The programs that I use most often in my daily activities are my word processor, a webpage editor, image editor (when I'm doing web design, mostly), and my browser. It is the latter that I wish to fume over today, and will leave the formers for another time.
I should note that my laptop is approaching its 8th birthday (it doesn't look a day over 7 and a half), and so it is with some disdain that I endure a bit of sluggish performance and some restrictions on the software it will run. The fact that I am currently in the writing-up stage of my doctorate should explain in itself why I cannot afford to replace it with a new computer at the moment. Still, the hardware is fine and I have no major complaints to speak of. For its age, it is surprisingly fast, versatile and resilient. I will spare the details of my pitiful specifications, as even schoolchildren have more processing power in their laptops (and probably mobile phones) than I have in my entire home-office.
But on to browsers. When selecting a browser, like with most any other program, I seek an intuitive user interface. This is fundamental and subconcious. No one likes fiddly programs that seem like a maze of menus and submenus designed to siphon away hours of computing potential. Alas in the world of web browsing, our "intuitions" have been colored by our exposure to the big browser of our time. For those who began with and continue to run Windows, at least for the time being, that means Internet Explorer (perhaps Netscape Navigator back in the day). So I would imagine that this has a considerably impact on the "alternative" browsers that average users are willing to accept. To me, they all look pretty much the same and don't really fill my intuitional void which begs for sleek minimalism (with the exception of Safari for Mac OS X. More on this later).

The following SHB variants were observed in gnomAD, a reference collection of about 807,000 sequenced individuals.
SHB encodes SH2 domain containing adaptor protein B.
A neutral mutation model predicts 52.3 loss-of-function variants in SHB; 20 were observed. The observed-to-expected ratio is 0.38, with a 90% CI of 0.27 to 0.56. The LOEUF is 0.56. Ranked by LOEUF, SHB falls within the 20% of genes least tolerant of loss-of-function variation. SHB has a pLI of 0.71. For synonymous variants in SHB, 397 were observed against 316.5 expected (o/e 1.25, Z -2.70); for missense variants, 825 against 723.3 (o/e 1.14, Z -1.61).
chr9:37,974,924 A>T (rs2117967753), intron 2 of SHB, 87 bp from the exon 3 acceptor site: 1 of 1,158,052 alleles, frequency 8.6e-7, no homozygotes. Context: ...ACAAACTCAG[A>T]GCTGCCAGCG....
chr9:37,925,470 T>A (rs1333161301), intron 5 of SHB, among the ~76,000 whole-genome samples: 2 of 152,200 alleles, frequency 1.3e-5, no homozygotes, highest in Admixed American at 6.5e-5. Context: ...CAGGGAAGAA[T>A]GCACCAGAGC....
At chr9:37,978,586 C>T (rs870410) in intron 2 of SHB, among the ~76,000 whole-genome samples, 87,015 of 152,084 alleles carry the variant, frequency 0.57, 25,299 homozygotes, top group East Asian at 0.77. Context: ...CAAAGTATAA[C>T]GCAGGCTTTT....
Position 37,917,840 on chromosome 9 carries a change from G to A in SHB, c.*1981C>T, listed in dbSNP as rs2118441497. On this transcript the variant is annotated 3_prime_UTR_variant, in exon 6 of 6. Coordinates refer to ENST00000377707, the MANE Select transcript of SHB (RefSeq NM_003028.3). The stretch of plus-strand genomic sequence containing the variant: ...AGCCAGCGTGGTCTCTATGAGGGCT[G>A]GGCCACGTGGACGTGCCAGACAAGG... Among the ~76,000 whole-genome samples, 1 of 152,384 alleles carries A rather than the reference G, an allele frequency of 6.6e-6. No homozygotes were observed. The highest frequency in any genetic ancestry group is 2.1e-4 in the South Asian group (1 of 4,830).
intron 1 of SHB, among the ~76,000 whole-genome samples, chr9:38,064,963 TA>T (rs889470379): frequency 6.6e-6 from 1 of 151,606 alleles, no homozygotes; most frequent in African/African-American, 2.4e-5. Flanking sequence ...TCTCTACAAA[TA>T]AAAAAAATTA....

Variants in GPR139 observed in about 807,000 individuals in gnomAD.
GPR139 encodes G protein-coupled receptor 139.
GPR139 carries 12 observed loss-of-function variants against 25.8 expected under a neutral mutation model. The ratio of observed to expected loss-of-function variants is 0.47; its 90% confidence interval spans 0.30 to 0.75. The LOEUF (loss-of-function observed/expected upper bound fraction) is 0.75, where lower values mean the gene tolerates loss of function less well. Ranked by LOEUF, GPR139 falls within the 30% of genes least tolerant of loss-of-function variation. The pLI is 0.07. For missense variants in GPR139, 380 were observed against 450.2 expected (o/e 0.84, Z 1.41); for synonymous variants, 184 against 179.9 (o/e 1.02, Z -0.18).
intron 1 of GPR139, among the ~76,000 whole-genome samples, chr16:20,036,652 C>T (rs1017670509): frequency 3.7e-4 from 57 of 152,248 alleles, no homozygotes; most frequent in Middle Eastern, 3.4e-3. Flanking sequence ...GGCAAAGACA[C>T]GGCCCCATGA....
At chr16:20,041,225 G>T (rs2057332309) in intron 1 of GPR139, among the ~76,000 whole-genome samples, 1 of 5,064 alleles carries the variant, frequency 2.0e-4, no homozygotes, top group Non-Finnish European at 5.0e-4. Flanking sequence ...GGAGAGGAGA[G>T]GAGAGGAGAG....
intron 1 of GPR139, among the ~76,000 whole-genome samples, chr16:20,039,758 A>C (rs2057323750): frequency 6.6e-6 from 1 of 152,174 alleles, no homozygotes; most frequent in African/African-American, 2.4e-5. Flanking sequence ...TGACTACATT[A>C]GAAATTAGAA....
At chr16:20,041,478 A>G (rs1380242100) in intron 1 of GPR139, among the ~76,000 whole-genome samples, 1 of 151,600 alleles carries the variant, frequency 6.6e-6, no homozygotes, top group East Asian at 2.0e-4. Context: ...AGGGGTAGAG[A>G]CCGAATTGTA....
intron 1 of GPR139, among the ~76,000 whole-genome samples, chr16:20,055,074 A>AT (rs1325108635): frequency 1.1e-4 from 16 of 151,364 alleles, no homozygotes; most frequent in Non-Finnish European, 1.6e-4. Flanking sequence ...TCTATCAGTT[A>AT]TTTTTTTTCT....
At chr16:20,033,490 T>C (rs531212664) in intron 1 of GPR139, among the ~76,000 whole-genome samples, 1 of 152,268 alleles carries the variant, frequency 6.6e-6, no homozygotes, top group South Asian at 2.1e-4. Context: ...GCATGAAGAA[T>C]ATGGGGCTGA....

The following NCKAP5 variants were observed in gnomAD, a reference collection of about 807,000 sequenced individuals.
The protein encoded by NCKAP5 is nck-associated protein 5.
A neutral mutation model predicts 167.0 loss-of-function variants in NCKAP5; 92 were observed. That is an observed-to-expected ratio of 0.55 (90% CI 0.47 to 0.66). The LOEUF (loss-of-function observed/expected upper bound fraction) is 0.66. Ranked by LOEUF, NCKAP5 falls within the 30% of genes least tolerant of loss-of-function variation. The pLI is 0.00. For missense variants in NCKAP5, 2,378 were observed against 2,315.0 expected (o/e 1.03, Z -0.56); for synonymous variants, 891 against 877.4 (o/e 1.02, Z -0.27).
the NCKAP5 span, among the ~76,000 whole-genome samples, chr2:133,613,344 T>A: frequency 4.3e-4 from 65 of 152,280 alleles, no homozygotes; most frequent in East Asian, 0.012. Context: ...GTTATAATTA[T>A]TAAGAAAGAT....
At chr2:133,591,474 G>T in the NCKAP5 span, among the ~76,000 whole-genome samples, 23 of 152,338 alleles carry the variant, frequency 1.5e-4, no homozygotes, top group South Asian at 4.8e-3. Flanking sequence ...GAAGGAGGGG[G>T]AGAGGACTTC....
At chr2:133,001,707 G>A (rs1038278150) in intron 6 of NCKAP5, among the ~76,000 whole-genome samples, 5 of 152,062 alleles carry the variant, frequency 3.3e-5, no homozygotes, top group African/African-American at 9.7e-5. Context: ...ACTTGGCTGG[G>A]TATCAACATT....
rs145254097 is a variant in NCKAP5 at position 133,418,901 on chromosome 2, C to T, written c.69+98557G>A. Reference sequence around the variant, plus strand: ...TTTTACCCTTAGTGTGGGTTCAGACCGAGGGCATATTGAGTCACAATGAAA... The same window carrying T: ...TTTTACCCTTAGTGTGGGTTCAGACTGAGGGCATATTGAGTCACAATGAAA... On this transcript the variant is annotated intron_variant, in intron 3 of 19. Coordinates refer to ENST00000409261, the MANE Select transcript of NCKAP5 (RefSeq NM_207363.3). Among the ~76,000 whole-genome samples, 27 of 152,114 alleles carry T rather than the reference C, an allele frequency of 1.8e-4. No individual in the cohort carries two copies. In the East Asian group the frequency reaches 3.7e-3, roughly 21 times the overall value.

Firefox has been growing in popularity in recent months, particularly following global security flaw scares in IE, causing it to peak in December 2008 at 21.34% market penetration, second only to IE. It has cross-over appeal for mac, PC and linux users and does not considerably diverge from what we have come to expect in a simple and easy-to-use browser. Some nice features (tabbed browsing! yes!), a few add-ons here and there, and the ability to customize it even more if you have the technical know-how, make it an obvious choice to - above all - stick it to those [insert expletive here] over at Microsoft. It is fairly lightweight at 24MB, even if I find its performance a little clunky at times.
So why am I reverting to IE?! (And when I say IE, I am referring to IE6. I don't like 7, although I am hearing some okay things about IE8 Beta 2. Except that the embedded translator doesn't work. Why can't they hire an anthropologist to help design this stuff?)
I keep Firefox on my computer for one reason only - to open pages that IE6 struggles with. And in a sort of symbiotic way, my IE6 has become my oasis for flash- and java-based pages that FF just doesn't seem to want to open. Indeed, FF's pop-up "new plugin needed" notifications sound more and more like empty threats than helpful advice. They never get me anywhere and I resort back to IE6 for comfort and ease. But this is not what prompted this post.
I am railing against FF now because I believed the hype: That IE is the devil incarnate while FF is the most standards-compliant browser ever to exist in this space-time continuum. Finally, after years of asking 'is it really so hard to design all browsers to some universal standard so that pages appear the same and without errors across the board?', it appeared as if my dreams were being answered. Only FF came too little too late. Which is to say, all of my personal webpages which use CSS in combination with HTML and XHTML have some variety of structural damage when displayed in FF. The margins are off, the menu bars are askew or overlapping, the elements don't scroll as smoothly as I intended, etc.